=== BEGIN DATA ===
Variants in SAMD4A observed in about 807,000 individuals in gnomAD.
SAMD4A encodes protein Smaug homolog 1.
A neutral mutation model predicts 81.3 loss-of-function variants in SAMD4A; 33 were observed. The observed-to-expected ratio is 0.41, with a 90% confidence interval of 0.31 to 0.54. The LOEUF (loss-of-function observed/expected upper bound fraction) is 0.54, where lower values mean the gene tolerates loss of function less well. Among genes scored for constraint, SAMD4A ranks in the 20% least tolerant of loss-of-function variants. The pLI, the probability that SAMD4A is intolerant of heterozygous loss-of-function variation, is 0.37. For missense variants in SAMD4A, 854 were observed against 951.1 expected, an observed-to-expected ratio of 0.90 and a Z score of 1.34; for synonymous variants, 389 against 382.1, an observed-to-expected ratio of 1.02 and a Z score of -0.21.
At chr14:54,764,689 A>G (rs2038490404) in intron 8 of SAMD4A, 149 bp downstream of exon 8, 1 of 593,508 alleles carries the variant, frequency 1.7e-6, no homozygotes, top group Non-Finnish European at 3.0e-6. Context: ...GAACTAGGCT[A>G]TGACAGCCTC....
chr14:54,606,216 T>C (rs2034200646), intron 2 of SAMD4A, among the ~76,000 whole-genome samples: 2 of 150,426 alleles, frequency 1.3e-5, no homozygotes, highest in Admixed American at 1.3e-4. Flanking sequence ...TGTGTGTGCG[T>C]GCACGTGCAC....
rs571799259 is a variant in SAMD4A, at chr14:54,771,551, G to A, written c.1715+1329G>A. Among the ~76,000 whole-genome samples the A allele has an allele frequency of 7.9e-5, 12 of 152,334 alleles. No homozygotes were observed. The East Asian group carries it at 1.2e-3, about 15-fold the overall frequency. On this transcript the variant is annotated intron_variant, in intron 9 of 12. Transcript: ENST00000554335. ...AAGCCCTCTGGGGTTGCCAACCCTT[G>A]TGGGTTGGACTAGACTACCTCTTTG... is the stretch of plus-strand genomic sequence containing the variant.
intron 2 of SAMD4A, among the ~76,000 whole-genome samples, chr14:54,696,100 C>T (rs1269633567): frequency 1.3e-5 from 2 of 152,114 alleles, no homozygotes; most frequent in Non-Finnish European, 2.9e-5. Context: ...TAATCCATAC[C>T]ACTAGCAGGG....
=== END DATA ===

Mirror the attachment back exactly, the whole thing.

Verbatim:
Variants in SAMD4A observed in about 807,000 individuals in gnomAD.
SAMD4A encodes protein Smaug homolog 1.
A neutral mutation model predicts 81.3 loss-of-function variants in SAMD4A; 33 were observed. The observed-to-expected ratio is 0.41, with a 90% confidence interval of 0.31 to 0.54. The LOEUF (loss-of-function observed/expected upper bound fraction) is 0.54, where lower values mean the gene tolerates loss of function less well. Among genes scored for constraint, SAMD4A ranks in the 20% least tolerant of loss-of-function variants. The pLI, the probability that SAMD4A is intolerant of heterozygous loss-of-function variation, is 0.37. For missense variants in SAMD4A, 854 were observed against 951.1 expected, an observed-to-expected ratio of 0.90 and a Z score of 1.34; for synonymous variants, 389 against 382.1, an observed-to-expected ratio of 1.02 and a Z score of -0.21.
At chr14:54,764,689 A>G (rs2038490404) in intron 8 of SAMD4A, 149 bp downstream of exon 8, 1 of 593,508 alleles carries the variant, frequency 1.7e-6, no homozygotes, top group Non-Finnish European at 3.0e-6. Context: ...GAACTAGGCT[A>G]TGACAGCCTC....
chr14:54,606,216 T>C (rs2034200646), intron 2 of SAMD4A, among the ~76,000 whole-genome samples: 2 of 150,426 alleles, frequency 1.3e-5, no homozygotes, highest in Admixed American at 1.3e-4. Flanking sequence ...TGTGTGTGCG[T>C]GCACGTGCAC....
rs571799259 is a variant in SAMD4A, at chr14:54,771,551, G to A, written c.1715+1329G>A. Among the ~76,000 whole-genome samples the A allele has an allele frequency of 7.9e-5, 12 of 152,334 alleles. No homozygotes were observed. The East Asian group carries it at 1.2e-3, about 15-fold the overall frequency. On this transcript the variant is annotated intron_variant, in intron 9 of 12. Transcript: ENST00000554335. ...AAGCCCTCTGGGGTTGCCAACCCTT[G>A]TGGGTTGGACTAGACTACCTCTTTG... is the stretch of plus-strand genomic sequence containing the variant.
intron 2 of SAMD4A, among the ~76,000 whole-genome samples, chr14:54,696,100 C>T (rs1269633567): frequency 1.3e-5 from 2 of 152,114 alleles, no homozygotes; most frequent in Non-Finnish European, 2.9e-5. Context: ...TAATCCATAC[C>T]ACTAGCAGGG....